# Bohr Model applied to Excitons

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1. Oct 22, 2016

An exciton is a bound electron-hole pair (in a semiconductor). For this problem, think of an exciton as a hydrogen-like atom, with a negatively charged electron and positively charged hole orbiting each other.

The permittivity of free space (ε0) is replaced with permittivity of the semiconductor (ε = 12).
The mass of the electron is replaced with the effective mass of the electron-hole pair.

1. The problem statement, all variables and given/known data (bold below is what I really need help on)

A) Estimate the radius in nm and the ground state energy in eV for an exciton in Si.

B) Approximately how large is the separation between atoms in a crystal of silicon? How does the radius compare with this number?

C) Silicon atoms have an average kinetic energy of T*kB. How does the exciton binding energy (E1) compare with this number? What does this mean?

D) All this is about electrostatic potential energy. Prove that it's reasonable to neglect the gravitational potential energy.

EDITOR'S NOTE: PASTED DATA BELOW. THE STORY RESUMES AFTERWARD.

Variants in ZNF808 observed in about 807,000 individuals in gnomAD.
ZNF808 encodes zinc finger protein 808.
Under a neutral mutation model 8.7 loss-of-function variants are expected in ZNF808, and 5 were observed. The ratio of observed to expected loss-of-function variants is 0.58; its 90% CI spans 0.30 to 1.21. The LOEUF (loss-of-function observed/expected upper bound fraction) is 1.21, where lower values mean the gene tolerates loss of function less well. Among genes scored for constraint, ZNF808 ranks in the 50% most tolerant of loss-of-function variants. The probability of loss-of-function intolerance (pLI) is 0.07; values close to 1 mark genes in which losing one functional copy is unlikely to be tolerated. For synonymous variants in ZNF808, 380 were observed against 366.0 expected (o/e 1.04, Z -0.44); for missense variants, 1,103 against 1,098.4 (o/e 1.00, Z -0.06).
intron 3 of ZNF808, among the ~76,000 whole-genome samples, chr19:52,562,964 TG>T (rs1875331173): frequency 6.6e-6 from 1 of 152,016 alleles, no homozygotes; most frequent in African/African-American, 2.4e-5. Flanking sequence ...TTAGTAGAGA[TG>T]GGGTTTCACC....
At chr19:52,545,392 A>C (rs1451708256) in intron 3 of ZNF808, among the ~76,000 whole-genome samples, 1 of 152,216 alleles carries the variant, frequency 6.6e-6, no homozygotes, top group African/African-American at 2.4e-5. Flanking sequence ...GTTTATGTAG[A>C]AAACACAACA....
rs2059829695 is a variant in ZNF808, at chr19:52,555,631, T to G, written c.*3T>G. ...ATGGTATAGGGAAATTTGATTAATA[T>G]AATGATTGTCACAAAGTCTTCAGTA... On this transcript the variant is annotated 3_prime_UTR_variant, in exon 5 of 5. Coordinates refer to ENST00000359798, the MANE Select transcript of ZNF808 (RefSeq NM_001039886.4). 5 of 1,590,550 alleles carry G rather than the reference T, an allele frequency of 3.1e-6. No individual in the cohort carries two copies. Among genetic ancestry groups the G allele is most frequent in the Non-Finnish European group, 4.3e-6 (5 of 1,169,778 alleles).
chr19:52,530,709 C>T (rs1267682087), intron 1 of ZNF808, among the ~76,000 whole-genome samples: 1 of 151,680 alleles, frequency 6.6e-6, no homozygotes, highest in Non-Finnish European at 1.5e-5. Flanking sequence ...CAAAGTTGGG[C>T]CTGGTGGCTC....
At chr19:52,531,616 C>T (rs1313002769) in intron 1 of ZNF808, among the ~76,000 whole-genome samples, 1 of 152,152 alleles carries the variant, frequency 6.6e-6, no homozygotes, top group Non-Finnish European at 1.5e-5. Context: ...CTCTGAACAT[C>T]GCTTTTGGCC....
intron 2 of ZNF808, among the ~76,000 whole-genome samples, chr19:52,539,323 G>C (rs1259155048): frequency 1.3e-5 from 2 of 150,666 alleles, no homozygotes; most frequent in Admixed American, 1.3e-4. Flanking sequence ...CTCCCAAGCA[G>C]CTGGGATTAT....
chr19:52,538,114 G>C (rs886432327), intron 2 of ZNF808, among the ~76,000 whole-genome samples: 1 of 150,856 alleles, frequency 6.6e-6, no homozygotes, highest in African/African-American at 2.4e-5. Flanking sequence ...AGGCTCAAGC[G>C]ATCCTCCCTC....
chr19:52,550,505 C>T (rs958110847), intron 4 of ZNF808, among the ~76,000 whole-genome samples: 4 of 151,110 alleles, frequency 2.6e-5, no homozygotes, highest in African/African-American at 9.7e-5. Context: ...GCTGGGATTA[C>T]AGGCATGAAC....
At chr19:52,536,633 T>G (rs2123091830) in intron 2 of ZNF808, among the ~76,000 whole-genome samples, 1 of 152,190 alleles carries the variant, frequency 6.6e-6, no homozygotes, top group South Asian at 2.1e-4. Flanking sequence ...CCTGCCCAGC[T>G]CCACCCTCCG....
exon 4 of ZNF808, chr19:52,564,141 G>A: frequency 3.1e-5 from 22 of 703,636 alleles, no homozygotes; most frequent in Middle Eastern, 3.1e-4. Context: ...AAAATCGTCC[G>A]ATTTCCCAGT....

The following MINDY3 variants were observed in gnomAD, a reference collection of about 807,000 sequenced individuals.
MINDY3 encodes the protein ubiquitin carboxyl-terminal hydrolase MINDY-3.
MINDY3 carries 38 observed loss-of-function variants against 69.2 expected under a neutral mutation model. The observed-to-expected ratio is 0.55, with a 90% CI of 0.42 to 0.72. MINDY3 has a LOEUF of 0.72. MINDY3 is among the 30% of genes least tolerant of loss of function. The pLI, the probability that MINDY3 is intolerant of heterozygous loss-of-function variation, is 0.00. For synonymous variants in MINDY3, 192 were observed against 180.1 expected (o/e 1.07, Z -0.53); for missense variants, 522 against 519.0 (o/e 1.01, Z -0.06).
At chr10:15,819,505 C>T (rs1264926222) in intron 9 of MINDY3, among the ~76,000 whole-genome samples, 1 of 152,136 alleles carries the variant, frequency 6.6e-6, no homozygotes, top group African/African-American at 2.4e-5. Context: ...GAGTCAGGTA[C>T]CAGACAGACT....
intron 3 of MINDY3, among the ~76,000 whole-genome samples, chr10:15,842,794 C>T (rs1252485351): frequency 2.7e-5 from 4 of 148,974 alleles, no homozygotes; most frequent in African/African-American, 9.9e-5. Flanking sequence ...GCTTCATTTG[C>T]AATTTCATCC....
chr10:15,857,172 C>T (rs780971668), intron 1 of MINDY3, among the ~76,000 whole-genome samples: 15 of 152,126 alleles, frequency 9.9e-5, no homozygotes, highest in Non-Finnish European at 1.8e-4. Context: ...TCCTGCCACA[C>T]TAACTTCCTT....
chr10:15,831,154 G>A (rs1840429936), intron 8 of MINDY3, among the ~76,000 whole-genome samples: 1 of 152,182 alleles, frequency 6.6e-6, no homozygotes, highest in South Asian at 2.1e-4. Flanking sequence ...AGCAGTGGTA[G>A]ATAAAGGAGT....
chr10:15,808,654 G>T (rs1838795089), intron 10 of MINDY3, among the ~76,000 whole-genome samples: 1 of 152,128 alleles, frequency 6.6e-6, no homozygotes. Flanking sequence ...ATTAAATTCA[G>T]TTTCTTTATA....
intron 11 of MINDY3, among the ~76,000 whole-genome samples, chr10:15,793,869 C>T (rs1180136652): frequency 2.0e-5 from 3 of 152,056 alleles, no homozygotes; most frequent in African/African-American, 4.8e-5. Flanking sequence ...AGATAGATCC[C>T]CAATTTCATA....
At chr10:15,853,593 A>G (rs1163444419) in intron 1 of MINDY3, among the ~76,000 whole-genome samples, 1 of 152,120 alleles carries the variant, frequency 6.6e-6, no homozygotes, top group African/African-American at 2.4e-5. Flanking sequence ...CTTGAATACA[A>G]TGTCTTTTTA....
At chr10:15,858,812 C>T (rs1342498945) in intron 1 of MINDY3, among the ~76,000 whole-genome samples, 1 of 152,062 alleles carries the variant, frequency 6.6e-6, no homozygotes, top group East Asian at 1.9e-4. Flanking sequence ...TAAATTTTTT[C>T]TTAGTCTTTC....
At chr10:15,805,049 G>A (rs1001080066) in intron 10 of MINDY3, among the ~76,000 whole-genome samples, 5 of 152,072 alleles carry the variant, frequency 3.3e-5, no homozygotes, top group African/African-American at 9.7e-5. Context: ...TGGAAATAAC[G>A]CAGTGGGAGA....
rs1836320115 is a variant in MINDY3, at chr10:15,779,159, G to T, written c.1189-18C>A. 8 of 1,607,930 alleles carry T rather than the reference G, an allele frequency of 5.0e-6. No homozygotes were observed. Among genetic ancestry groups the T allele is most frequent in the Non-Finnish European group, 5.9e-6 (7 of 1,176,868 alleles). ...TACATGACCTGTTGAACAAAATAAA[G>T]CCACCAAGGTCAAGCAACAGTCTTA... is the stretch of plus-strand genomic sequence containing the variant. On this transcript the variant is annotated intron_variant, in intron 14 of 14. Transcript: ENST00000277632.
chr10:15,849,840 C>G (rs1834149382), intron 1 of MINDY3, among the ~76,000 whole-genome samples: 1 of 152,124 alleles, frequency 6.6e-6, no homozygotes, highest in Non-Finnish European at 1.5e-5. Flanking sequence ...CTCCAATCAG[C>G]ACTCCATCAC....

me = 9.1*10-31
eV = 1.602×10−19 J (N*m)
h = 6.626*10-34
ħ = 1.055*10-34
a0 = 0.0529 nm
ε*ε0 = 1.0359*10-10

permittivity of silicon = εSi = kSiε0 where k = dielectric constant

effective masses
me* = 0.26me
mh* = 0.36me

2. Relevant equations
r = mek2e4/(πħ3)

me*mh*/(me* + mh*) = 0.15me

r = n2h2*1.0359*10-10/(z*π*meffectivee2)

3. The attempt at a solution
A)

12*a0/0.15 = 4.2nm (n2/z)

Ry = -13.6eV

B) I do not remember chemistry much. How is the separation between silicon atoms found?

C) 300*1.38*10-23 m2kg/s2 = 4.14*10-23
E1 = ?

D) PEelectrostatic = kqQ/r
images.slideplayer.com/22/6421287/slides/slide_3.jpg
FE = qE
Fg = mg
∴ qE = mg
& as long as qE/m is much larger than g, gravity can be ignored.

Sources
http://www.course-notes.org/book/export/html/10891

2. Oct 22, 2016

### Staff: Mentor

You get the same Rydberg constant as for hydrogen?

Google There is no way to find that by first principles, so just Google "silicon interatomic distance".

That should be the binding energy. Do you remember how to find that for hydrogen?

3. Oct 22, 2016

Oh yes, sorry, with ε:
The energy (for part A) is mee4/[8(h*1.0359*10-10)2]
= (9.1*10^-31)(e^4)/[8*((6.626*10^-34)*(1.0359*10^-10))^2]
= 1.32*1057
Was that suppose to be a different mass?

Thank you. I did Google it. Although, I either searched the wrong phrase or thought it wasn't simple from the results that came up earlier.
lattice parameter = 0.543 nm
nearest neighbor distance = 0.235 nm
Looks like the calculation before (4.2 nm) is wrong?

The binding energy of an electron to the nucleus in the hydrogen atom is 13.6 eV.
So the binding energy is the absolute value of Rydberg energy??

4. Oct 23, 2016

BE=(mp+me-mH)*c2
BE = (938MeV/c2 + 0.511MeV/c2 - 938.3MeV/c2)*c2 =
(938.484+ 0.511 - 938.783)*10^6
= 212keV

938.783 MeV (mass of hydrogen)
1.673e-27 kg (mass of proton)
>> 1 eV = 1.602e-19 J <<
>> 1 J = m3 kg / s2 <<
[(1.673e-27)/(1.602e-19)]*c2
= 9.3989e8
= 939.89e6
= 939.89 MeV

5. Oct 24, 2016